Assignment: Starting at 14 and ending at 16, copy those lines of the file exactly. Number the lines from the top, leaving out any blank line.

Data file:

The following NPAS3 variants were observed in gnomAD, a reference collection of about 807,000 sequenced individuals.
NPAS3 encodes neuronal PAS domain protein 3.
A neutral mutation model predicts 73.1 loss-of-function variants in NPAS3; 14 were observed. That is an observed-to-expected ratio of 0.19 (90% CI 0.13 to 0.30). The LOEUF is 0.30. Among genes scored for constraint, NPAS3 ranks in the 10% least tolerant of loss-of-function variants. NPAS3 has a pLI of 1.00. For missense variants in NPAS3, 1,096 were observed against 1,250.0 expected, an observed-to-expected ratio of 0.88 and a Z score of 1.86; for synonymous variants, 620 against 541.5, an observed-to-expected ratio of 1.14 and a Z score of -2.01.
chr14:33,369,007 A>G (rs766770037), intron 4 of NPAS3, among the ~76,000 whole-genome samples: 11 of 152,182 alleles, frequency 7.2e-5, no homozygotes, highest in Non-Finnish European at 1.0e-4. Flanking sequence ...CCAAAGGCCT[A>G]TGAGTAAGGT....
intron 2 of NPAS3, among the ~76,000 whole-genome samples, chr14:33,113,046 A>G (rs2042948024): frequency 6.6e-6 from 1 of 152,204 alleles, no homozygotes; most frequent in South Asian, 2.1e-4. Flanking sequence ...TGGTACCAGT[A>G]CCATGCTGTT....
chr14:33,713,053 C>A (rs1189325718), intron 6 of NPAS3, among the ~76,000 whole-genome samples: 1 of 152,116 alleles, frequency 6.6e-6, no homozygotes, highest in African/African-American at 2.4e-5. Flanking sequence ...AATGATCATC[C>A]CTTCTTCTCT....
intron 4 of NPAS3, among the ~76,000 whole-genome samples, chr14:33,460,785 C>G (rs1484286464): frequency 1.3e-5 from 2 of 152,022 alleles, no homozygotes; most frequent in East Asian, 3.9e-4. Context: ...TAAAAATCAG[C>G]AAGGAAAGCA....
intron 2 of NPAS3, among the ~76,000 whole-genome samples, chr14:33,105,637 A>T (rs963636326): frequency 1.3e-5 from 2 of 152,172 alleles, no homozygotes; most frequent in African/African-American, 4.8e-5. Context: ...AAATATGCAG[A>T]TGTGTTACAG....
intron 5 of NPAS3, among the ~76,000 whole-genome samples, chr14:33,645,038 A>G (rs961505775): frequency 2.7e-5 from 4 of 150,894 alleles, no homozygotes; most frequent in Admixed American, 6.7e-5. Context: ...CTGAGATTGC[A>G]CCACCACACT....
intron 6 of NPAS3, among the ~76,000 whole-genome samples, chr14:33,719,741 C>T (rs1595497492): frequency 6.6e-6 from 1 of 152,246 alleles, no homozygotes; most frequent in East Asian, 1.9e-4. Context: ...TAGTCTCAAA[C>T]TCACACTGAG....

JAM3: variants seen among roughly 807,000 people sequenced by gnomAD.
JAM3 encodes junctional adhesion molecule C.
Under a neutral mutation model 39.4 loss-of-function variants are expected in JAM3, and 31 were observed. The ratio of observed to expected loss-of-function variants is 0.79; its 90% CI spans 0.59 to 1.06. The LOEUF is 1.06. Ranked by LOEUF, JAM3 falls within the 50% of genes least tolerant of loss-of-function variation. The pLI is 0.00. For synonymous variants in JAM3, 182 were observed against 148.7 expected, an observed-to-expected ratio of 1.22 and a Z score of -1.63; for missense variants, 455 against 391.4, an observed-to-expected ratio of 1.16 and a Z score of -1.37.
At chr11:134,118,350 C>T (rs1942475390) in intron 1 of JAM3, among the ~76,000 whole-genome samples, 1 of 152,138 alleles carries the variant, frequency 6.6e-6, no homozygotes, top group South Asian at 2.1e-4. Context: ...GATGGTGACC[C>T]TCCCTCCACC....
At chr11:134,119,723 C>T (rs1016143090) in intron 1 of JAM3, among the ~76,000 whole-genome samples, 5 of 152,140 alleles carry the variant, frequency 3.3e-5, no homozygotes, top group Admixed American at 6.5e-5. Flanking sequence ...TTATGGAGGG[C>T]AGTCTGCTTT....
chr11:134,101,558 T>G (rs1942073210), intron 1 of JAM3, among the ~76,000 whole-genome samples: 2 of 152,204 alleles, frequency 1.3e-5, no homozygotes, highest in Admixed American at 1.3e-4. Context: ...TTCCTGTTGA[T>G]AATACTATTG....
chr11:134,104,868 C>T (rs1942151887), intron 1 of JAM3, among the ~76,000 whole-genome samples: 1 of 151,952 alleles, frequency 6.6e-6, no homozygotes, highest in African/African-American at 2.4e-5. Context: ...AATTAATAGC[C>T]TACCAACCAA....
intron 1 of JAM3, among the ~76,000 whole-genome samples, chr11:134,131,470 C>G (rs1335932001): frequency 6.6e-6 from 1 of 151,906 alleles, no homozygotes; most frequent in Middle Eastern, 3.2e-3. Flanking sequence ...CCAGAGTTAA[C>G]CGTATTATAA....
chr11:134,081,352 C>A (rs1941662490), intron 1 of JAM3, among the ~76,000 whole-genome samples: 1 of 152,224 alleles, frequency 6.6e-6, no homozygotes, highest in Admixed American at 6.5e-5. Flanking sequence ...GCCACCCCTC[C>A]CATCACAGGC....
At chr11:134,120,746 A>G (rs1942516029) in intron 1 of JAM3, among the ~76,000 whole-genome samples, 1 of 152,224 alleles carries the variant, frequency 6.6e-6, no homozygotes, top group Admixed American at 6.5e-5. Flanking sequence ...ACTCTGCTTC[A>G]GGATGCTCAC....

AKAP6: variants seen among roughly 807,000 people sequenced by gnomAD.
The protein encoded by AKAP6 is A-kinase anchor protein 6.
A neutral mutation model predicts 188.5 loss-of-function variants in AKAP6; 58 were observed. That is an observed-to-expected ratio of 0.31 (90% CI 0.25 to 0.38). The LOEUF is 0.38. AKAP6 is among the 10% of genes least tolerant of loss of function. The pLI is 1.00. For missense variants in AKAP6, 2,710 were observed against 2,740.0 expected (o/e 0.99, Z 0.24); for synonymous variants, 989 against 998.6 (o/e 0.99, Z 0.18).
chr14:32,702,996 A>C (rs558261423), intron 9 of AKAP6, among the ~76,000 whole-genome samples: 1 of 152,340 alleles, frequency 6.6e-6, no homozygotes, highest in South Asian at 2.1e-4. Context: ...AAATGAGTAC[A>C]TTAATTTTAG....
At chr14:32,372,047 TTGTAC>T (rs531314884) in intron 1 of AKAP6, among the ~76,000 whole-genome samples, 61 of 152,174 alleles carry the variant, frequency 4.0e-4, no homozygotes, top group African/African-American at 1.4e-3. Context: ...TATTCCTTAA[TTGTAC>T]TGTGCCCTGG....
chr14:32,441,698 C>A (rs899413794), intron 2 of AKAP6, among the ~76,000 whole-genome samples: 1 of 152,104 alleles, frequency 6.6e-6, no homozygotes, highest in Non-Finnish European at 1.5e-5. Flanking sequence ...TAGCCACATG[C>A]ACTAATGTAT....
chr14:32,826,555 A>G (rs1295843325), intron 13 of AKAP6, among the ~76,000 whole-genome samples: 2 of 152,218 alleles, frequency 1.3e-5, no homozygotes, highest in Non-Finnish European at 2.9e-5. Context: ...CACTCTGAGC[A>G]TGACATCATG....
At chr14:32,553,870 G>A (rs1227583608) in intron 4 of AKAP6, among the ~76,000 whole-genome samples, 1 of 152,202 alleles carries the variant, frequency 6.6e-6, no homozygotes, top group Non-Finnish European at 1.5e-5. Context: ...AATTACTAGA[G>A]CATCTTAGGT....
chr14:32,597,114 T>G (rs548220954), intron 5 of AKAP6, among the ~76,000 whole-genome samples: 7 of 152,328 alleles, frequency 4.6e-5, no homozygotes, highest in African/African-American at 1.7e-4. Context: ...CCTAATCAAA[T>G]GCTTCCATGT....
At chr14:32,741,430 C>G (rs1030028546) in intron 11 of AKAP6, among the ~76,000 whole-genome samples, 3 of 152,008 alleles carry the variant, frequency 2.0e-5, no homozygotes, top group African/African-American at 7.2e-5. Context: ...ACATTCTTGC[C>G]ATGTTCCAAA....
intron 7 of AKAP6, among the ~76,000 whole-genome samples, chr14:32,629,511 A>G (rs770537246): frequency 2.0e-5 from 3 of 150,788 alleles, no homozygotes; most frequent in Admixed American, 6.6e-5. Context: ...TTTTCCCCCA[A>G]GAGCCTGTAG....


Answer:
At chr11:134,118,350 C>T (rs1942475390) in intron 1 of JAM3, among the ~76,000 whole-genome samples, 1 of 152,138 alleles carries the variant, frequency 6.6e-6, no homozygotes, top group South Asian at 2.1e-4. Context: ...GATGGTGACC[C>T]TCCCTCCACC....
At chr11:134,119,723 C>T (rs1016143090) in intron 1 of JAM3, among the ~76,000 whole-genome samples, 5 of 152,140 alleles carry the variant, frequency 3.3e-5, no homozygotes, top group Admixed American at 6.5e-5. Flanking sequence ...TTATGGAGGG[C>T]AGTCTGCTTT....
chr11:134,101,558 T>G (rs1942073210), intron 1 of JAM3, among the ~76,000 whole-genome samples: 2 of 152,204 alleles, frequency 1.3e-5, no homozygotes, highest in Admixed American at 1.3e-4. Context: ...TTCCTGTTGA[T>G]AATACTATTG....